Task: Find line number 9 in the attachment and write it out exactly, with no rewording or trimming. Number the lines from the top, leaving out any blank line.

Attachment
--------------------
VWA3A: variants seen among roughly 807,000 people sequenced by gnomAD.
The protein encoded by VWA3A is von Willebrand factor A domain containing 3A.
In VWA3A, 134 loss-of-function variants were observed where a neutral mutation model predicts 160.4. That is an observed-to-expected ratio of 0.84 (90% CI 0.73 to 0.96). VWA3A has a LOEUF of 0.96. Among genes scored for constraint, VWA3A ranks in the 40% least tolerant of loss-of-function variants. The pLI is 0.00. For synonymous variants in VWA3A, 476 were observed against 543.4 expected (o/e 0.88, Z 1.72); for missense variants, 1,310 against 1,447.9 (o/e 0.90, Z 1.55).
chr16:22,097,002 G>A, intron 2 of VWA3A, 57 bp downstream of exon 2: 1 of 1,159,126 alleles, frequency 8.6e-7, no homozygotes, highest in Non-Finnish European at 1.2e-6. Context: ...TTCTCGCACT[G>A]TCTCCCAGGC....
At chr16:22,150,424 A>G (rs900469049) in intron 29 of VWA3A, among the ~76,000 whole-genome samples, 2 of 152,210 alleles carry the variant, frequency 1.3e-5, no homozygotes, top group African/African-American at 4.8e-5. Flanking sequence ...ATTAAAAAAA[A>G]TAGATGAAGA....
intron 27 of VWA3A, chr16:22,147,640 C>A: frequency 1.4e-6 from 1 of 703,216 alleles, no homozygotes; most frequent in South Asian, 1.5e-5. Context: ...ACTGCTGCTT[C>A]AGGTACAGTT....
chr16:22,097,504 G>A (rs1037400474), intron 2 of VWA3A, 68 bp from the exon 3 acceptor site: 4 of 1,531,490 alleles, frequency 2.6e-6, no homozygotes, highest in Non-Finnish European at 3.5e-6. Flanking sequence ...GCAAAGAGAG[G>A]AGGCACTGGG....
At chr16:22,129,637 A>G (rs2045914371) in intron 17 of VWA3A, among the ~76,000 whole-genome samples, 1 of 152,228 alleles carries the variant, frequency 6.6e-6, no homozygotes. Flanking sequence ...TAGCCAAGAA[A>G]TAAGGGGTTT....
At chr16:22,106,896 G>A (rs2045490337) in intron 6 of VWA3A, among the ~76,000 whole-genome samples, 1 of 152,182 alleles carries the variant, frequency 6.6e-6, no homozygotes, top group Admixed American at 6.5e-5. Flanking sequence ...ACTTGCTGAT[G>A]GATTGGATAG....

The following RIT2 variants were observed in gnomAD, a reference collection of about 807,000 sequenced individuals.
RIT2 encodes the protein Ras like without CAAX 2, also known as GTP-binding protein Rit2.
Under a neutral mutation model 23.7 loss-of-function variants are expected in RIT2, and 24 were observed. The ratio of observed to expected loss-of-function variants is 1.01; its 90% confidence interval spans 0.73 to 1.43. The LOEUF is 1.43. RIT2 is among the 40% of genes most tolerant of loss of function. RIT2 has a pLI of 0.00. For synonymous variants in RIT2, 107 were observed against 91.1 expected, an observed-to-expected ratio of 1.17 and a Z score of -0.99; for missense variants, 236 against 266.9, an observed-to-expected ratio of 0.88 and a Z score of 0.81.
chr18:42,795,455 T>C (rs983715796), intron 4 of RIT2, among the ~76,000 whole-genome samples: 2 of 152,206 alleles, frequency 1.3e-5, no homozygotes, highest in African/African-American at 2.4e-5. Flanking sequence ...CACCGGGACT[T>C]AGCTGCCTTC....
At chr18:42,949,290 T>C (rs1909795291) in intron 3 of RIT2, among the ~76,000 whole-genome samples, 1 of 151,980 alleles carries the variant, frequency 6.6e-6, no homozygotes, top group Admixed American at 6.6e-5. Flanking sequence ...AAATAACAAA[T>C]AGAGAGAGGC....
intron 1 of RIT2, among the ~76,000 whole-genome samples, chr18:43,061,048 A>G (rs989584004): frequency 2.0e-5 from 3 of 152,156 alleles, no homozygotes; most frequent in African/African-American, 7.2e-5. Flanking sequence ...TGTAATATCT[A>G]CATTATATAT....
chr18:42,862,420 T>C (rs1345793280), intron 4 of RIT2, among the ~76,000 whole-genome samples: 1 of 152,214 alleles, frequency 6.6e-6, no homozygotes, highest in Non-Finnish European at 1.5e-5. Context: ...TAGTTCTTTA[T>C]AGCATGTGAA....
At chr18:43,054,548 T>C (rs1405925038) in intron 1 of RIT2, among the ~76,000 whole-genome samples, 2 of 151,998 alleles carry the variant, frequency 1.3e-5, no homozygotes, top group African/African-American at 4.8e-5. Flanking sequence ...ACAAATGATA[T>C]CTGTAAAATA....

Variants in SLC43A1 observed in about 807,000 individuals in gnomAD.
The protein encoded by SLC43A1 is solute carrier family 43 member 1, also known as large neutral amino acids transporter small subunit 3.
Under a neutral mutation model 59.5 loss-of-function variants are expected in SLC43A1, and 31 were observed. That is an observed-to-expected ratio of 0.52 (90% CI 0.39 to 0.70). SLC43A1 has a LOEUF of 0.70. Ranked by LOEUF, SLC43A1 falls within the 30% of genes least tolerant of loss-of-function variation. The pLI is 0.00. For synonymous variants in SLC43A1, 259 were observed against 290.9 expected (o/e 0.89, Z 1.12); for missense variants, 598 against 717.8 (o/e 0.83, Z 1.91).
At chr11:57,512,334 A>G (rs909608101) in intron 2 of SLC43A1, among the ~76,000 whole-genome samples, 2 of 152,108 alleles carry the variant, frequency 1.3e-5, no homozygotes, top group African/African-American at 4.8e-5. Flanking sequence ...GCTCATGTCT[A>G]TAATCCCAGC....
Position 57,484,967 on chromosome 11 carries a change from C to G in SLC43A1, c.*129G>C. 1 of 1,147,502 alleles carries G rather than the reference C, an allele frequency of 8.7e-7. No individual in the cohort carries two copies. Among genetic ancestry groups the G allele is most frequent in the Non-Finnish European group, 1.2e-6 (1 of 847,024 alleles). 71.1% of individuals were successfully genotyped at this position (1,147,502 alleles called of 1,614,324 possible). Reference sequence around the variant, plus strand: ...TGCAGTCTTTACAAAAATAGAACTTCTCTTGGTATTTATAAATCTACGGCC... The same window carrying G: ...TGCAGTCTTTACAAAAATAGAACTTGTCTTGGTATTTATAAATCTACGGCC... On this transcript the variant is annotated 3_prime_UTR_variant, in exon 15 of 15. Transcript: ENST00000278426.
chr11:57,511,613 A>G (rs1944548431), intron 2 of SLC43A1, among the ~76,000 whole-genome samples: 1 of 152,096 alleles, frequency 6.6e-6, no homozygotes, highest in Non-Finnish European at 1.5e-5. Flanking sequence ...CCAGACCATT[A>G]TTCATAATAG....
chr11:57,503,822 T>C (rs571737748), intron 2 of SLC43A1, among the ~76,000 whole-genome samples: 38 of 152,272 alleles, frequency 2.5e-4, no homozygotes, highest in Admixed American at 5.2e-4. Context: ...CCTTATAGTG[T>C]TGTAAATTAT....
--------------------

At chr16:22,106,896 G>A (rs2045490337) in intron 6 of VWA3A, among the ~76,000 whole-genome samples, 1 of 152,182 alleles carries the variant, frequency 6.6e-6, no homozygotes, top group Admixed American at 6.5e-5. Flanking sequence ...ACTTGCTGAT[G>A]GATTGGATAG....